December 13th, 2010
12:01 AM ET
Move over tigers and leprechauns, breakfast cereal doesn't necessarily have to be sweet for kids to eat it. A study conducted by Yale University researchers found that many children, when given low sugar cereals, enjoyed them and ate a better breakfast when they didn't eat the sugary alternatives.
For many youngsters, cereal is a breakfast staple. Yet a lot of cereals marketed for children are loaded with sugar to make them more appealing to the younger set. But investigators at Yale wondered, is all this excess sugar in kids' cereals really necessary when it comes to getting them to eat it? And how does it affect children's eating habits?
"It's obvious that breakfast is an important meal of the day for children, because it helps them do better in school. And cereal is part of that," said Dr. Marlene Schwartz, study author and deputy director for the Rudd Center for Food Policy and Obesity at Yale University. "But there has always been feedback from cereal marketers saying that kids won't eat low sugar cereal. And we said, wait a minute, what do you mean they won't eat it?"
For the study, which was published in the current issue of the journal Pediatrics, scientists measured what 91 children at summer day camps ate for breakfast. The campers were divided into separate groups, and offered either three kinds of high-sugar cereals (Froot Loops, Cocoa Pebbles or Frosted Flakes) or three brands of low-sugar cereals (Cheerios, Rice Krispies or Corn Flakes) , along with milk, orange juice, cut-up fruit and sugar packets. The children served themselves and then filled out questionnaires.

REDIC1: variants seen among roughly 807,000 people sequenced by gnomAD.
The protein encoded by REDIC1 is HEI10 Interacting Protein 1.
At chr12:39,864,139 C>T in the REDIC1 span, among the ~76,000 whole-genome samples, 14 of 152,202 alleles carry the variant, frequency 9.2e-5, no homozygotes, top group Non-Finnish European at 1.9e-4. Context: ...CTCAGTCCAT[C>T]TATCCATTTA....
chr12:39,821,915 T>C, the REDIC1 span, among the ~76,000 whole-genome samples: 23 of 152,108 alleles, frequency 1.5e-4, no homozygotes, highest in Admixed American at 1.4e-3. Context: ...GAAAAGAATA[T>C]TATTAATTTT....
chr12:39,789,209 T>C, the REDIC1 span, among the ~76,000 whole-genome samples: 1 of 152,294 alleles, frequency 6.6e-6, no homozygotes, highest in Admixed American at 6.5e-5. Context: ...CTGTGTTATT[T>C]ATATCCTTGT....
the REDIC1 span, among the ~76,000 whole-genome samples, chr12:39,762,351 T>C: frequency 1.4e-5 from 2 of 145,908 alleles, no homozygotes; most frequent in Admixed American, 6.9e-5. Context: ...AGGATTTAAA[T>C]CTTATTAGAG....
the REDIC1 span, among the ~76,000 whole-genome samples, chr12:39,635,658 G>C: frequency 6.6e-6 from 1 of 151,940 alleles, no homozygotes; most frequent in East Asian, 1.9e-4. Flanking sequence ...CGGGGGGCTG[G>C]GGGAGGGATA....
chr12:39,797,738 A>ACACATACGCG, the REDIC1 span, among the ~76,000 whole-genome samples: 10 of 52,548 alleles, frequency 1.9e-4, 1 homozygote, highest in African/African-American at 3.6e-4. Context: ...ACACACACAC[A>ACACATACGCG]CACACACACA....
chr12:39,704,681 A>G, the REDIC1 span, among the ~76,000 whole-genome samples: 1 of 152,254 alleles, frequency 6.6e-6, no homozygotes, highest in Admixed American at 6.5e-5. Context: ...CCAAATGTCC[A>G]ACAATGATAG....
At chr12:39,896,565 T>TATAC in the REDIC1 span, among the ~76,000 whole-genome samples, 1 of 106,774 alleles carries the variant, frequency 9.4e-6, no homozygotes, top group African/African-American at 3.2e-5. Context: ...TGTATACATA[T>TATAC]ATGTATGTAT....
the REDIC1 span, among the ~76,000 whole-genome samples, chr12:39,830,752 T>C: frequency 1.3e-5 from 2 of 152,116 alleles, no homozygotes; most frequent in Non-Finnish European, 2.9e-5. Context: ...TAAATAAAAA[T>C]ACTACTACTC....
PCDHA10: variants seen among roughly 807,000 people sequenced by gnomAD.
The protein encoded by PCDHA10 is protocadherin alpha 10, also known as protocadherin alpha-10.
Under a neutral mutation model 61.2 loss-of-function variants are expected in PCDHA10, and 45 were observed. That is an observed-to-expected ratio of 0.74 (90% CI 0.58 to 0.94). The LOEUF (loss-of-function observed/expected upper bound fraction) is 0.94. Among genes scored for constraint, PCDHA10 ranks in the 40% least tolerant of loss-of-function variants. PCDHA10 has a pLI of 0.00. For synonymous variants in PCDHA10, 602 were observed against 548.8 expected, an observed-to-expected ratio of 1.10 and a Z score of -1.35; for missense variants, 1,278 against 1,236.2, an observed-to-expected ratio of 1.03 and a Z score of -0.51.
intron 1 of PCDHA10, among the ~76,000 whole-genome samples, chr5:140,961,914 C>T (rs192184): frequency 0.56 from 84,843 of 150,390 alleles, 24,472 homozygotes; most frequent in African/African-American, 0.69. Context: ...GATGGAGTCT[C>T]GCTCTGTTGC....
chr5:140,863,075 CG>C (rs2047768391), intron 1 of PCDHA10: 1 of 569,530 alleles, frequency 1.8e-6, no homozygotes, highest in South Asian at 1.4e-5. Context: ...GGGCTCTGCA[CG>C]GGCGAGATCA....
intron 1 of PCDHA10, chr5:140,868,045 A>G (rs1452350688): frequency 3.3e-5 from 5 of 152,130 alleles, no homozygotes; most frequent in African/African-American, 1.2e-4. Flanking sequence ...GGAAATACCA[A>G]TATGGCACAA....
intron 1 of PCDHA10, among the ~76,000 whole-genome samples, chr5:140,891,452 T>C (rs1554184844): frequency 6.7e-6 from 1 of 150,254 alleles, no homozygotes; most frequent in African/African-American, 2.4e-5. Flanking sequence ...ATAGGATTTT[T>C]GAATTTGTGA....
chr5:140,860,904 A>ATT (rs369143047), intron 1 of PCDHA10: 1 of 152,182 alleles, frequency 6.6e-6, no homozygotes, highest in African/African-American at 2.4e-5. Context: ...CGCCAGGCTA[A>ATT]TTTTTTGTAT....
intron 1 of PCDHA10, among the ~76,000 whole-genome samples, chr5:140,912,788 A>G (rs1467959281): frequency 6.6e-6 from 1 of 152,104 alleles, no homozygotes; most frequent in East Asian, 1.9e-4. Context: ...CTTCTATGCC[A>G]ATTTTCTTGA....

Investigators found although both groups of children said they liked the taste of their cereals, those who ate the high sugar products, ate larger portions of cereal, consuming almost twice as much refined sugar as the youngsters who were in the low-sugar group – even when the low-sugar kids added their own table sugar.
Children who ate low-sugar cereals consumed average portions of cereal and were more likely to add small amounts of table sugar and/or fruit in their bowls. Although both groups consumed around the same amount of calories, the kids who ate low-sugar cereals were getting their sugar calories in natural forms, such as in natural sugar, orange juice and fresh fruit.
"As health professionals, we are not opposed to putting small amounts of sugar or fruits on cereals," noted Schwartz. "Because it's far better to get your calories from natural sugar sources than it is from the sugar that's added to some of these cereals."
In a statement, Kellogg, maker of four of the six cereals in the test, said it continues to make its foods more nutritious. "As part of this ongoing process, we've recently decreased the sugar in our top-selling kids' cereals by approximately 20 percent, or 2-3 grams per serving," the company said."Research shows that all cereal eaters have healthier body weights than those who don't eat cereal."
Study authors concluded that parents should offer their kids healthy cereal choices and make them more appealing to their children by adding a small amounts of table sugar or fresh fruit to the meal.
" We need to watch what our children are eating," said Schwartz. "It's up to parents to give their kids healthy choices, that we've found they will eat, as opposed to loading them up with excess sugar in cereals that could eventually lead to childhood obesity."
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